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The biggest benefit of this fifty is, that fits perfectly in my smaller hands with R body.


All brands today produce all those super sharp and corrected bulky lenses that lack personality, what people use to say about the “leica look” “zeiss pop” and the amazing L primes EF set Canon have (…had). When my EF L primes will stop working I’d rather go medium format with Fuji, that, while still obsessed with all this overly corrected stuff, being medium format delivers on its own outstanding nuances and micro contrast. Something that EF L primes have (sacrificing a bit of resolution when wide open) and modern mirrorless lenses don’t. Truly disappointed by the direction where photography is going.

Al K in CVG

While this lens does everything his precious Fuji medium format will do (IE. Excellent Micro-contrast, great bokeh, etc.), he trashes it. I’ve tried one, and it’s images are just beautiful! I’m saving up for mine.


I never see COMA discussed. How does this lens compare to other high end lens wrt COMA.


Not sure what everyone is seeing here. The EF is clearly better at every aperture except for the corners.

Ok I’m here to whine. I’ll admit it. The white mark on the brick wall is a muddy mess on the RF. It’s over corrected for maximum detail resolving power that would only show up at wall size print sizes…

That’s medium format territory.

I’m sick of the photography industry catering to prosumers and people who lack the nuanced vision to see what a truly professional lens can deliver circa 2008. Then everything became about sacrifice to tone and color to higher virtual megapixel scores to make people who lack vision but want to feel justified in spending 3000$ On a lens.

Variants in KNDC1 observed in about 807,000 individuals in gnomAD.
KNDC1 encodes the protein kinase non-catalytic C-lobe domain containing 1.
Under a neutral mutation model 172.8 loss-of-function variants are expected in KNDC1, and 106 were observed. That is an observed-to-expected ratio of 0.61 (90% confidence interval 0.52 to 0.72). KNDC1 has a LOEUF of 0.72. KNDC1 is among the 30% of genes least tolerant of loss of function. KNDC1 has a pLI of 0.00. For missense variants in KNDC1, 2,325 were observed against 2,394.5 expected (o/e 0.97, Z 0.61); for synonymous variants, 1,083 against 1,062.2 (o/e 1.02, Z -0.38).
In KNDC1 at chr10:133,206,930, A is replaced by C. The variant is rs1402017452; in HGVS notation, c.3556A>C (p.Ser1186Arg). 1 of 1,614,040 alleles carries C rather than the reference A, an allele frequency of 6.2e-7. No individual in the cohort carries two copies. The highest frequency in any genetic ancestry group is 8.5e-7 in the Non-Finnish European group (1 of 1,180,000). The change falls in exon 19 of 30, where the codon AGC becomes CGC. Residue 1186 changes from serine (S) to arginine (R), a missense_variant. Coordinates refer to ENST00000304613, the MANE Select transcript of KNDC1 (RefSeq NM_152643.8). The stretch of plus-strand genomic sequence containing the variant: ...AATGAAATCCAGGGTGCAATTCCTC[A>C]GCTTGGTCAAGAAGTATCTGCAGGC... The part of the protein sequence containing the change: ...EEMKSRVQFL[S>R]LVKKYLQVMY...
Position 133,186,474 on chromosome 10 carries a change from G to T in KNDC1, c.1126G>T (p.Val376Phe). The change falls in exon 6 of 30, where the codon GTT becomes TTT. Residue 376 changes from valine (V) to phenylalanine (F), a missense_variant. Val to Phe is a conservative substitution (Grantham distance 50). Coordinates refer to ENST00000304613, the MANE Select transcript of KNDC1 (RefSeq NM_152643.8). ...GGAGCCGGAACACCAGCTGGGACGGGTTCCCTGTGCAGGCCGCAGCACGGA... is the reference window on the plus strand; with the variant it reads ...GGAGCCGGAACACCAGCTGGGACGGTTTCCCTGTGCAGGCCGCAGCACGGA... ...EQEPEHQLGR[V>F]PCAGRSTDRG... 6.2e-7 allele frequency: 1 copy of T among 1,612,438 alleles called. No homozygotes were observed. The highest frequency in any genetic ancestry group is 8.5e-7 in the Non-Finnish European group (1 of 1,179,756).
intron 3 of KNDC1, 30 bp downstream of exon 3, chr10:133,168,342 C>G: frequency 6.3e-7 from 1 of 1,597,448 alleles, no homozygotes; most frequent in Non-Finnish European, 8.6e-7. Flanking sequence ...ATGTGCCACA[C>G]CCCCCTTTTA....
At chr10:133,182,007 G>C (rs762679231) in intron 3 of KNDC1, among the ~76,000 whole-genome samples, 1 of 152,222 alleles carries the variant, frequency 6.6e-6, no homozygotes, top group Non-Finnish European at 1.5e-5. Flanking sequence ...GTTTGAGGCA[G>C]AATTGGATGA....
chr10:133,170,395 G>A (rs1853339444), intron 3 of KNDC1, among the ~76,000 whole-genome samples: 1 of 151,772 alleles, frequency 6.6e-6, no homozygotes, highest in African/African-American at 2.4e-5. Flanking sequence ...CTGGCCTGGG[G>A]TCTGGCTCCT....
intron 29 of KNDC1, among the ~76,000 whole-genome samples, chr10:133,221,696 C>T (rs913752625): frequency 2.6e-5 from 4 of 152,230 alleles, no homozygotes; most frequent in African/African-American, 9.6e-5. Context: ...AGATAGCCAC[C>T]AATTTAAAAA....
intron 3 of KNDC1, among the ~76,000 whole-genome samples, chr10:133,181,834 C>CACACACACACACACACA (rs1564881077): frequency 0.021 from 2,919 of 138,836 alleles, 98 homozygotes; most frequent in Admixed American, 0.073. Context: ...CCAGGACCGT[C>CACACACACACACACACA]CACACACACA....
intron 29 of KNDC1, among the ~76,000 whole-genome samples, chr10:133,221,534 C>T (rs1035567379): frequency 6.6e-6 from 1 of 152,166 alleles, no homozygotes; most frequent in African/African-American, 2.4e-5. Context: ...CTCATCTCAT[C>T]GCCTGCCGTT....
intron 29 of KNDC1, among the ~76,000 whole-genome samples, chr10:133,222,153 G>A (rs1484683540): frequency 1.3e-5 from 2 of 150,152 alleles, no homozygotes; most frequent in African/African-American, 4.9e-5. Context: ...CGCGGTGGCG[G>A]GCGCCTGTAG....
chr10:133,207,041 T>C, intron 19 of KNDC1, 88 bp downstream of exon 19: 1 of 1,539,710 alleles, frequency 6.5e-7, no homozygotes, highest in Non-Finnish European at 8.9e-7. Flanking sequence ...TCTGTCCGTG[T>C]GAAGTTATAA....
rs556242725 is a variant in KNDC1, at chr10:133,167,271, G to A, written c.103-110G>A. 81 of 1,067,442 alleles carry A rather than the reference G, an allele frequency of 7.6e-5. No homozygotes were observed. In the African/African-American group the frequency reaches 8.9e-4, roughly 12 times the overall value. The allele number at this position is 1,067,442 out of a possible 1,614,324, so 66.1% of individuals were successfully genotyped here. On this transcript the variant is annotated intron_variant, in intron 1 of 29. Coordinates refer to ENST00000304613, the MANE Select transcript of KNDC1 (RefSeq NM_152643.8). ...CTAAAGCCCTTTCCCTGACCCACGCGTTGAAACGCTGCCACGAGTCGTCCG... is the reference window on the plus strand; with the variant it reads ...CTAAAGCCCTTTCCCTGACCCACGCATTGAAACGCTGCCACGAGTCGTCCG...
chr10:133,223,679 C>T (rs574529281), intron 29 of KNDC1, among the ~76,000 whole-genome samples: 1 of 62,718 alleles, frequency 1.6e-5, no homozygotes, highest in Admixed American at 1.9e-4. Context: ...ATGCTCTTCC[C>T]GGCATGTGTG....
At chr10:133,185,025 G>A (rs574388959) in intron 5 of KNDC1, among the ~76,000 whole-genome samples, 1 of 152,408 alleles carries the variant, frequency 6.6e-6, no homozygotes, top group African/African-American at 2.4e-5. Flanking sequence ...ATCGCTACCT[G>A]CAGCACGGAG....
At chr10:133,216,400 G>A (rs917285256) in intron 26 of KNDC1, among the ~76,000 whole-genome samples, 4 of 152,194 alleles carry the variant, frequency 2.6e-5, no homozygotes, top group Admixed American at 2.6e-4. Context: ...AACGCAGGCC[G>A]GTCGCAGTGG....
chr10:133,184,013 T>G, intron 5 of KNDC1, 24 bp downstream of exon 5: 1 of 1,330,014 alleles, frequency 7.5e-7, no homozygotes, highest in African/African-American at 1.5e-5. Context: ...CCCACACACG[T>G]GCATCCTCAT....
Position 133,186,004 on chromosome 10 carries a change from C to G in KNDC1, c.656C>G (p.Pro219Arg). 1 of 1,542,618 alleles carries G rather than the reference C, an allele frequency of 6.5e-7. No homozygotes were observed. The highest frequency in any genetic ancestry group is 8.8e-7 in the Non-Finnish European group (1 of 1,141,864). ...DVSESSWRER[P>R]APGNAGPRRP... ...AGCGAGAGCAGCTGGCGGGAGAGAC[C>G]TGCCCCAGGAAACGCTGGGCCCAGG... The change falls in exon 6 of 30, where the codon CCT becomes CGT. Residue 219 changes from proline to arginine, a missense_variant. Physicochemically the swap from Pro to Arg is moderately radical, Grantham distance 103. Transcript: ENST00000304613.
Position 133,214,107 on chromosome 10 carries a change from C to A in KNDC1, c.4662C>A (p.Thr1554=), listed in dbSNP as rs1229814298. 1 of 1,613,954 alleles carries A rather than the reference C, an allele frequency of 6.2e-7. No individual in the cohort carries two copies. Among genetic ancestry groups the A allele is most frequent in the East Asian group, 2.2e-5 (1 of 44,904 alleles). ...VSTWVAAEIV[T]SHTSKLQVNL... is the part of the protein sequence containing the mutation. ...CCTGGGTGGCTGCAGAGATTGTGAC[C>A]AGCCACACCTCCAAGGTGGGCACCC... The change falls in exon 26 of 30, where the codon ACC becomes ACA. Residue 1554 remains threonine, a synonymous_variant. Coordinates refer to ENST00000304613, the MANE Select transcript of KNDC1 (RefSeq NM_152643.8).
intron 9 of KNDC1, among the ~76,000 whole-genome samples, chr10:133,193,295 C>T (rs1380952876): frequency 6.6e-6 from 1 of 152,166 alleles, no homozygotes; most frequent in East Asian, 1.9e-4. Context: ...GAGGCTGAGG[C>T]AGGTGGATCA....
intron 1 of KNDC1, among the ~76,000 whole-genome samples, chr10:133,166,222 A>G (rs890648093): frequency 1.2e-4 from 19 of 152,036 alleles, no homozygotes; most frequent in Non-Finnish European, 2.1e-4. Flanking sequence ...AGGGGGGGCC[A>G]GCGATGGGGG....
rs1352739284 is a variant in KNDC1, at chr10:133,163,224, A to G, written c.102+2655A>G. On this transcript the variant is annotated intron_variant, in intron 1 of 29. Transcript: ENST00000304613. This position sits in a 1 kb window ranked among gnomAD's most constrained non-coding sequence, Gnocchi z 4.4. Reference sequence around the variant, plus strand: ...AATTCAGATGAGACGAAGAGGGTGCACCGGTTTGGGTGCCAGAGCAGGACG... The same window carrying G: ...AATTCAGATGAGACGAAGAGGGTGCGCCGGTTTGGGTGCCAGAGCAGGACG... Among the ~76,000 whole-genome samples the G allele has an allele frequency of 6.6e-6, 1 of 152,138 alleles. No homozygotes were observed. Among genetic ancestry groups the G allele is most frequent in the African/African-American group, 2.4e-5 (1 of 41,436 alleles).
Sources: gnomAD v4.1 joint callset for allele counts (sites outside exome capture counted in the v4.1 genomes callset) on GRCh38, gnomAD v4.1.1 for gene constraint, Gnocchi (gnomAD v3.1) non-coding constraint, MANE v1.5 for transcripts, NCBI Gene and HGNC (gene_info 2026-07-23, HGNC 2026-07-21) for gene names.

Al K in CVG

Yes, you’re a whiner. I had the EF 50mm f1.2L, and I’ve tried tried the new RF 50mm f1.2, and the new lens is, corner to corner, an order of magnitude better. The images the new lens produces are something special. If everyone believed, like you, that the peak of lens development occurred in 2008, Nikon, Fuji, and Canon, etc would have gone out of business a decade ago. As for nuanced vision, get out and your basement, and you’ll find dozens of local photographers producing beautiful work with their “prosumer” equipment.


Hay PL readers
Looking for camera upgrade having 35, 50, 24-70 nikon system with D3500 should I go for 850 or move all together to mirrol less system keeping future for at least 4-5 don’t get out dated.

Need seriuos advise



You need to do two things.
1. Learn how to read.
2. Post your questions in the right place for that, here we are discussing this review, for questions like your there is a proper forum place.
3. Loose the arrogans where you think that rules don’t apply to you.


Is it in the rules somewhere that it’s OK to leave rude replies to innocent (if off-topic) questions? And I don’t see you having much room to criticize his reading abilities considering all the grammar and spelling errors in your post.


Thanks Mark
For your support, I have been following site for almost over 6 to 7 years. But never saw such reply to any one. Readers over here are quite mature sensible.
Any how Thanks again for your support.